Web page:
Exhaling, I think about sleeping soundly again at night, knowing we have an experienced, empathetic, sober and steady president — one who refrains from tweeting personal attacks on his opponents. One who respects rules and norms, understanding that the law applies equally to him. I long for a leader who aims to serve all Americans, who doesn’t bilk taxpayers to line his own pockets or corrupt the federal government to preserve his own power.
Finally, straining not to let my imagination run too wild, I indulge my national security fantasies. I pine for a commander in chief who knows personally the stomach-turning fear of what could befall a loved one deployed in harm’s way, one who treats our veterans as heroes instead of denigrating them as “suckers” and “losers.”
I imagine allies who allow themselves to trust and respect us again. Adversaries who know they cannot influence an American president with flattery, lucrative deals or election assistance. A White House that upholds our national interests and consistently promotes democracy and human rights — from Xinjiang to Saudi Arabia to Venezuela. The United States would return to the Paris Agreement on climate change and the World Health Organization, as we seek to reinvigorate international institutions, because we understand that many of the most pressing global challenges can be tackled only through effective collective action.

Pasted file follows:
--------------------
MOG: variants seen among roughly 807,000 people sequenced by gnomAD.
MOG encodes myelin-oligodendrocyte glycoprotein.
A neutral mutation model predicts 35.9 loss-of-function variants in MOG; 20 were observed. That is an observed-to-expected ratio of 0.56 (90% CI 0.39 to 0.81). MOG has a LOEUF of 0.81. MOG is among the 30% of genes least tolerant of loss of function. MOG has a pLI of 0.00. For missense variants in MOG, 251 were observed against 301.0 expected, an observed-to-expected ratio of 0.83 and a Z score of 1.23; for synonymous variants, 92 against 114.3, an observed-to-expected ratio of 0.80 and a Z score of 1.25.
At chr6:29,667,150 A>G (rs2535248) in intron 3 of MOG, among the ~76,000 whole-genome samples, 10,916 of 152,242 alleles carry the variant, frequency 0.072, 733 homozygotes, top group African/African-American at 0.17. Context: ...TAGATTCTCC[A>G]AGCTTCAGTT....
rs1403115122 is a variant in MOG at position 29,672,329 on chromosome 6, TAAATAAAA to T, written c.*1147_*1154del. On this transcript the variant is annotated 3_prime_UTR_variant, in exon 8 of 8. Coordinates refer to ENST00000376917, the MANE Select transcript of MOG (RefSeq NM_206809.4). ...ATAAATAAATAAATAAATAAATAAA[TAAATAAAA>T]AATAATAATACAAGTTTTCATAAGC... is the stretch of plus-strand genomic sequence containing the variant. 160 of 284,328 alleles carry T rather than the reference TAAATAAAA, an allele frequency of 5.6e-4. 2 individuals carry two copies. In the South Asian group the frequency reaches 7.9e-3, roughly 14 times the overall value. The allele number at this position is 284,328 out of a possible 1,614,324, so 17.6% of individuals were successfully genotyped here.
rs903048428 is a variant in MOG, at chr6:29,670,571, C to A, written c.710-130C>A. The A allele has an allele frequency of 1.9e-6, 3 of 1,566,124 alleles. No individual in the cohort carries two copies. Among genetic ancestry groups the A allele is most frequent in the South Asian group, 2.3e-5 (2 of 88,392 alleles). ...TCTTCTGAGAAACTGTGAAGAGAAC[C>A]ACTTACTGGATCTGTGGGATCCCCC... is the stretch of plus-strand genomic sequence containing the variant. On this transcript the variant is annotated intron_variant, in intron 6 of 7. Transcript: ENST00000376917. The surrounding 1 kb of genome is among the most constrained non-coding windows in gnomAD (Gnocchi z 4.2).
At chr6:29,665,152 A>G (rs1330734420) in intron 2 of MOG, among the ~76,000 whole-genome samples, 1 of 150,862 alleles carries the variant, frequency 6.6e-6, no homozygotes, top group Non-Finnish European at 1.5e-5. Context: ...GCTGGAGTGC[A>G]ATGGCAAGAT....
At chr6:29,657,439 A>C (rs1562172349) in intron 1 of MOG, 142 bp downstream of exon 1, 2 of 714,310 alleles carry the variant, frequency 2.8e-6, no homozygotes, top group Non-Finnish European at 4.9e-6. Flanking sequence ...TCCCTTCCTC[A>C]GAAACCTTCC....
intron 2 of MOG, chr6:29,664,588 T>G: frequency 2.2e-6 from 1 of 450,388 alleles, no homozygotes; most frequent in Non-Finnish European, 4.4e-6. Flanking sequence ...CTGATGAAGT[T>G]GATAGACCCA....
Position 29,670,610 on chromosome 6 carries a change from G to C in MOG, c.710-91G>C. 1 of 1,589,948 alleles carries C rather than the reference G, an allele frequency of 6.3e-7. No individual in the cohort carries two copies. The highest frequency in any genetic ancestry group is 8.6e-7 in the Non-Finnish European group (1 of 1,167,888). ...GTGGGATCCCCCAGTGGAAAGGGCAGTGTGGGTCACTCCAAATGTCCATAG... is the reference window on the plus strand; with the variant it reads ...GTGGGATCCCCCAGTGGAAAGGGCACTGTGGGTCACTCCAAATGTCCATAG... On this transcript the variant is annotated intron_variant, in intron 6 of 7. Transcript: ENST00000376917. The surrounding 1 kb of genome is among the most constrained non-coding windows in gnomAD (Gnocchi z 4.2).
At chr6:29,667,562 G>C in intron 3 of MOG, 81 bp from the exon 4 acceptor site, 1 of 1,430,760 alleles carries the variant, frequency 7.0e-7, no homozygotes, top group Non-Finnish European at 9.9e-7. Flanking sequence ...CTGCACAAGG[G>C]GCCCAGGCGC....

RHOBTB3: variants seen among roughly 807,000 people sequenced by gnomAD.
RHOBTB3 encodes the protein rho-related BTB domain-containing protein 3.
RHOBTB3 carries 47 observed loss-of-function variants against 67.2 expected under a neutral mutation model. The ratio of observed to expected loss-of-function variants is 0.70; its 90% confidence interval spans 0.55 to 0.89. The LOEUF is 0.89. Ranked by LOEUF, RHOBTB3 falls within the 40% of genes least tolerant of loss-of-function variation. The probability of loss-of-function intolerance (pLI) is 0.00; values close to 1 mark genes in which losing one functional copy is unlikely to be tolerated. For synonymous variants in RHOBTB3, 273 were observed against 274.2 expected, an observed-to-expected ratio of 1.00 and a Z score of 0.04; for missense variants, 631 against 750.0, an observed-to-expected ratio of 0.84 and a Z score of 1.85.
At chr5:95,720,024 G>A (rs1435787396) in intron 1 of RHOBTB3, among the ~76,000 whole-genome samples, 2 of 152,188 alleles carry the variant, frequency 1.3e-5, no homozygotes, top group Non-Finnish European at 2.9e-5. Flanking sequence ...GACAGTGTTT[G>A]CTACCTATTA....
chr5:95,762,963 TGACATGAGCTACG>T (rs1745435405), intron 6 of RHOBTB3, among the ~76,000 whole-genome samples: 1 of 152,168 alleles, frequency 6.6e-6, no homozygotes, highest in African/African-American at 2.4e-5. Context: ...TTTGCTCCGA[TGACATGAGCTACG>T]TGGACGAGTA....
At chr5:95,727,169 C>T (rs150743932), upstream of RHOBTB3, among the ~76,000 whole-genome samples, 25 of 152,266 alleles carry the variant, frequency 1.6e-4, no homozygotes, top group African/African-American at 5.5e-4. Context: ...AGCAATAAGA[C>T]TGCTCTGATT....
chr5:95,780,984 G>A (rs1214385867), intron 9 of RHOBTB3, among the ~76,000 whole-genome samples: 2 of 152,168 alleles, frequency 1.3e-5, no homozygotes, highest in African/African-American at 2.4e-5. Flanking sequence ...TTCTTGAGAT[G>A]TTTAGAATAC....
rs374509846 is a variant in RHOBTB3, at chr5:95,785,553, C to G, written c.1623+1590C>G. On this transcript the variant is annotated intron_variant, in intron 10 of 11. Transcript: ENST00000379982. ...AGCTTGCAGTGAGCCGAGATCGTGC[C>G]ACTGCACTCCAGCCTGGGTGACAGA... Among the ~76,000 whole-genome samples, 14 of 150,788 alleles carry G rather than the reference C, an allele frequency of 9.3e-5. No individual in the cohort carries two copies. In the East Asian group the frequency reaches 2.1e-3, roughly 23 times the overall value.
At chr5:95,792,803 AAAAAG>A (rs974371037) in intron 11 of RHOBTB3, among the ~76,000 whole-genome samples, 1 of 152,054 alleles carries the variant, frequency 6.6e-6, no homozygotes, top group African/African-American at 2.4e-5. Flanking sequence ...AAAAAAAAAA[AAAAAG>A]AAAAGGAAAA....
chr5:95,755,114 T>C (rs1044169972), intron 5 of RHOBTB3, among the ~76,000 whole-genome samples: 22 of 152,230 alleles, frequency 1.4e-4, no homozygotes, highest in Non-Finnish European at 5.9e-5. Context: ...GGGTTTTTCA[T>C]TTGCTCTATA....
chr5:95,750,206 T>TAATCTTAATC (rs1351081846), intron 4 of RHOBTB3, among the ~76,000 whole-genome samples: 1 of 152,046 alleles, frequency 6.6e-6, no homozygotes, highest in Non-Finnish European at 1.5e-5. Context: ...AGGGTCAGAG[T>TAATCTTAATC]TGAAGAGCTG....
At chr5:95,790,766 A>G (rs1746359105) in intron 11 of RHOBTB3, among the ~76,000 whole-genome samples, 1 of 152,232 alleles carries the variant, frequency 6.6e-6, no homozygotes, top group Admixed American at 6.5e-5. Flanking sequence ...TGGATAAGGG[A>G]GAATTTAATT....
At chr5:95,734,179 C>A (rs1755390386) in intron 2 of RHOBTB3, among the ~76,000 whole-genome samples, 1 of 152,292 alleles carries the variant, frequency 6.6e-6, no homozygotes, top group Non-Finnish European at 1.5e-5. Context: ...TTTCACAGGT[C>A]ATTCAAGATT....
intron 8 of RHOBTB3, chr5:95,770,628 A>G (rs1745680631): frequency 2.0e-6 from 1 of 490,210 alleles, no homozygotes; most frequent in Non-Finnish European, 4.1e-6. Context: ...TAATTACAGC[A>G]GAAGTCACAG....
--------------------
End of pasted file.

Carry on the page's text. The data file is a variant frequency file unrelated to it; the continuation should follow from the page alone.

Then, I check myself. Soothing as it may be to disappear briefly into my own dreams, I’m inevitably smacked by the inescapable realities of this year from hell. Still, I remember that what may seem like elusive hopes are no more than the reasonable expectations of a deserving public.
In his Oval Office, President Barack Obama had a large carpet with a border inscription: “The arc of the moral universe is long, but it bends toward justice.” Those words, said often by the Rev. Dr. Martin Luther King Jr., serve as an apt reminder that history is not linear. While progress may ultimately prevail, it comes in fits and starts with severe setbacks. Indeed, our dreams may never become our reality.
Yet in my experience, work matters; no one will do the hard bending but you and me. Progress doesn’t happen automatically. Together, we must drive it.
Surely, we can make 2021 a whole lot better — if we all vote.
The Times is committed to publishing a diversity of letters to the editor. We’d like to hear what you think about this or any of our articles. Here are some tips. And here’s our email: email@example.com.